Low-serum vitamin D levels are associated with increased disability and disease activity in multiple sclerosis (MS), an autoimmune disease. However, the optimum dose of vitamin D supplementation in MS is unclear.
In a recent study, US researchers randomly assigned 40 patients with relapsing-remitting MS to receive 10,400 IU or 800 IU cholecalciferol (vitamin D3) daily for six months.
They found that, at three and six months, those in the high-dose group achieved vitamin D levels within the target range of 40-60 ng/ml, but those in the low-dose group did not. High-dose cholecalciferol supplementation also resulted in clinically relevant immunologic effects not observed in the low-dose group.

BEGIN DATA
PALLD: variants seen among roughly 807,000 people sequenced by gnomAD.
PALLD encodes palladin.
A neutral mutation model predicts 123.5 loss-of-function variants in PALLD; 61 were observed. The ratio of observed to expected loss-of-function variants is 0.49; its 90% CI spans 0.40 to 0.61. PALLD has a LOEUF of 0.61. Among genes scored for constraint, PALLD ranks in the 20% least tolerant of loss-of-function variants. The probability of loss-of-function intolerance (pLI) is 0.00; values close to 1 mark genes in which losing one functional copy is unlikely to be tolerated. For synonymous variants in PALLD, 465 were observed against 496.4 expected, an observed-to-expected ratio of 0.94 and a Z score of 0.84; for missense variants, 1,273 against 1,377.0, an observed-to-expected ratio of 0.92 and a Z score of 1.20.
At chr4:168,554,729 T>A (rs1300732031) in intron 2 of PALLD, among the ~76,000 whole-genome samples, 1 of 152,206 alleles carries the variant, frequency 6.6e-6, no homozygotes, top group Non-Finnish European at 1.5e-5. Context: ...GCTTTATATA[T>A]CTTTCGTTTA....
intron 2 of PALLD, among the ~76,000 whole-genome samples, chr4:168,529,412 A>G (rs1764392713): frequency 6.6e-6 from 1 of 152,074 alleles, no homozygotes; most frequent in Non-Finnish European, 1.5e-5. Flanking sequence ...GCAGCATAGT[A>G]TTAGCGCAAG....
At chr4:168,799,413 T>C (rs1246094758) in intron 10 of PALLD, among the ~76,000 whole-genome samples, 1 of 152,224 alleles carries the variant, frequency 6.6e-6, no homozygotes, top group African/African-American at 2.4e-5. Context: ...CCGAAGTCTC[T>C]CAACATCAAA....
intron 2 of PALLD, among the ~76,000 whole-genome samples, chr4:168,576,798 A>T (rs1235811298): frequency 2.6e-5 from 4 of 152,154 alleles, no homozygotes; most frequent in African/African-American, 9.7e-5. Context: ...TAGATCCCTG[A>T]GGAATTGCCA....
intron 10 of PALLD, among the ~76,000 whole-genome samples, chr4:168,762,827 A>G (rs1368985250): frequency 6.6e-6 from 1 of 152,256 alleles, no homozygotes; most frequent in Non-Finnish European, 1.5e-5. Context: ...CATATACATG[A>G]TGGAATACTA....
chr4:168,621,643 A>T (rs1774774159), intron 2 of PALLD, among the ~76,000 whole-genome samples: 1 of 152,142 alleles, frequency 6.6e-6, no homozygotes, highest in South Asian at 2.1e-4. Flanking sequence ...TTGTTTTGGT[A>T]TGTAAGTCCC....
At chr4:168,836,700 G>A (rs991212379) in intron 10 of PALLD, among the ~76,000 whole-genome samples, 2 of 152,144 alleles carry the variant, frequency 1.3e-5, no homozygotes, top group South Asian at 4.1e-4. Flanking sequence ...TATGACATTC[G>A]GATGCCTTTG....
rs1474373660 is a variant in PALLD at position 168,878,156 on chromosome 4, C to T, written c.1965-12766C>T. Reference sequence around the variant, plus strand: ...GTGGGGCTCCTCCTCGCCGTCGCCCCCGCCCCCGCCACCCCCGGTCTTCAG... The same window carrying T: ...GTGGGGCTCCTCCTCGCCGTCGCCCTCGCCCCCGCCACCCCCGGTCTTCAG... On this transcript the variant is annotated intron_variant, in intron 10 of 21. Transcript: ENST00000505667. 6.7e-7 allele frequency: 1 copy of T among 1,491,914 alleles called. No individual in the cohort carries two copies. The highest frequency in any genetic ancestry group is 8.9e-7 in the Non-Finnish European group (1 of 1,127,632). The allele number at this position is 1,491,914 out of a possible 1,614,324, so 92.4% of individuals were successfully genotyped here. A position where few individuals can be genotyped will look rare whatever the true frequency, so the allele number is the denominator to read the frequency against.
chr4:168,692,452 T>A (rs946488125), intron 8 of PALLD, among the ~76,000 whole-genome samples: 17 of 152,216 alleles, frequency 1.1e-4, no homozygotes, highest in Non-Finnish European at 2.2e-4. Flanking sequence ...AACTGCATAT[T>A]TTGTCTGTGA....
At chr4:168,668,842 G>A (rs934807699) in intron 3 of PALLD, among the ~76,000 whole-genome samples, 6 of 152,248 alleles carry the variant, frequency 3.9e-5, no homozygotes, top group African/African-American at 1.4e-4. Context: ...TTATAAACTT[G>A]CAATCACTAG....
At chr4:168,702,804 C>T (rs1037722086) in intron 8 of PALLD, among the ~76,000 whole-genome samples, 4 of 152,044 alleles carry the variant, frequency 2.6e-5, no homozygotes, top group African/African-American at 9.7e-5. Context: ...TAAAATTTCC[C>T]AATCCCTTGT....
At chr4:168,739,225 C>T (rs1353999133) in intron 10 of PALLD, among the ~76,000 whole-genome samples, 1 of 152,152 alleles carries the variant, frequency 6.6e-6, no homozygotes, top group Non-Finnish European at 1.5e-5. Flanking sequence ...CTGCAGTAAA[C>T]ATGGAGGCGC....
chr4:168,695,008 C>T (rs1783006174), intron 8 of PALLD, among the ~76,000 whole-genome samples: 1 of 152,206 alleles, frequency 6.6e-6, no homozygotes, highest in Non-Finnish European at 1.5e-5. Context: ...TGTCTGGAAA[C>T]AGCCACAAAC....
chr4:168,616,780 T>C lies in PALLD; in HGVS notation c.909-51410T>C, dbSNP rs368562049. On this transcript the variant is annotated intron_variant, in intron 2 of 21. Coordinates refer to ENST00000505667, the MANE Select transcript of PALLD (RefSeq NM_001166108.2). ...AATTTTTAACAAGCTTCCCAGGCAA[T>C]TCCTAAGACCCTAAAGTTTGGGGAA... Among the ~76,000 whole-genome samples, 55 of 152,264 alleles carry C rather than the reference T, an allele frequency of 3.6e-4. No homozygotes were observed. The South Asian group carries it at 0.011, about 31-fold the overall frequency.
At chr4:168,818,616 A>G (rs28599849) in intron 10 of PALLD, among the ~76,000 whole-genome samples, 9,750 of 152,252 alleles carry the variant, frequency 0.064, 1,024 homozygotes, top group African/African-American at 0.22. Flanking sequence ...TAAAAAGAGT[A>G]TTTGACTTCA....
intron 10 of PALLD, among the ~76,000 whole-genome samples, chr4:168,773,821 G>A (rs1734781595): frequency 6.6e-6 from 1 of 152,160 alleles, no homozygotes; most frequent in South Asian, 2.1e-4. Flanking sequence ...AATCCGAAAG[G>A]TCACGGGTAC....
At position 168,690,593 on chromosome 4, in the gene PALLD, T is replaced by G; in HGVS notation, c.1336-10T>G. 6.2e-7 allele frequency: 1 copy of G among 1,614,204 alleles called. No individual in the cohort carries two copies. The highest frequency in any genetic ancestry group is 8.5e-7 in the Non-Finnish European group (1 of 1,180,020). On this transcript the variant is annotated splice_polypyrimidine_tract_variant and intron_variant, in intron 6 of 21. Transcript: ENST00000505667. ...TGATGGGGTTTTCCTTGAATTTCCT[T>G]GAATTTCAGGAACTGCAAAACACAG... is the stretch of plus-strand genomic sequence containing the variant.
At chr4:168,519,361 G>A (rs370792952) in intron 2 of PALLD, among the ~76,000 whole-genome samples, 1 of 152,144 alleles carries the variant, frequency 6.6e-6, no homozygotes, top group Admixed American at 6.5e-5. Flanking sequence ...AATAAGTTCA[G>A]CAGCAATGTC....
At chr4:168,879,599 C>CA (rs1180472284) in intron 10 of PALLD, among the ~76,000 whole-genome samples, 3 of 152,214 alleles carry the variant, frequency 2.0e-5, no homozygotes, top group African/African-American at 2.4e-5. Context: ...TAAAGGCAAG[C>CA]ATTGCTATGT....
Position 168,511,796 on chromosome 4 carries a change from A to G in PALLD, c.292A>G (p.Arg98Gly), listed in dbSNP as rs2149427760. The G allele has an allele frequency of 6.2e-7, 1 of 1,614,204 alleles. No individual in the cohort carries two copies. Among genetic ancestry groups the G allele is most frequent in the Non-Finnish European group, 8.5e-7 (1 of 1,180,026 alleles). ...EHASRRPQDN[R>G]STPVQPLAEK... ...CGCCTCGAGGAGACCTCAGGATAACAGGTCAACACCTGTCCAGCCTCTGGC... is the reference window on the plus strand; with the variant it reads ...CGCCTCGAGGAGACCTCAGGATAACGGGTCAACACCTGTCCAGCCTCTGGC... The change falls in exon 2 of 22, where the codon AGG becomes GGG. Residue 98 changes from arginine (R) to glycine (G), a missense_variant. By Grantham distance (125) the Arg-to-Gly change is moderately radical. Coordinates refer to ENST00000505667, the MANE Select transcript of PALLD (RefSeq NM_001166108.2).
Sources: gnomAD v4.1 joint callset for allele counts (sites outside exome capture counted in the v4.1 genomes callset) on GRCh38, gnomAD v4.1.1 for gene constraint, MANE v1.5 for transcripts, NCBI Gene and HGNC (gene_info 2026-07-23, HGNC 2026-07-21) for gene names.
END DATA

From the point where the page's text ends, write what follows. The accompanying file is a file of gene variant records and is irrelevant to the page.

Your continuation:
Writing in Neurology (online, 30 December 2015)
, the researchers say that ongoing randomised trials should help establish the efficacy of vitamin D3 as a novel immunomodulatory therapy for MS.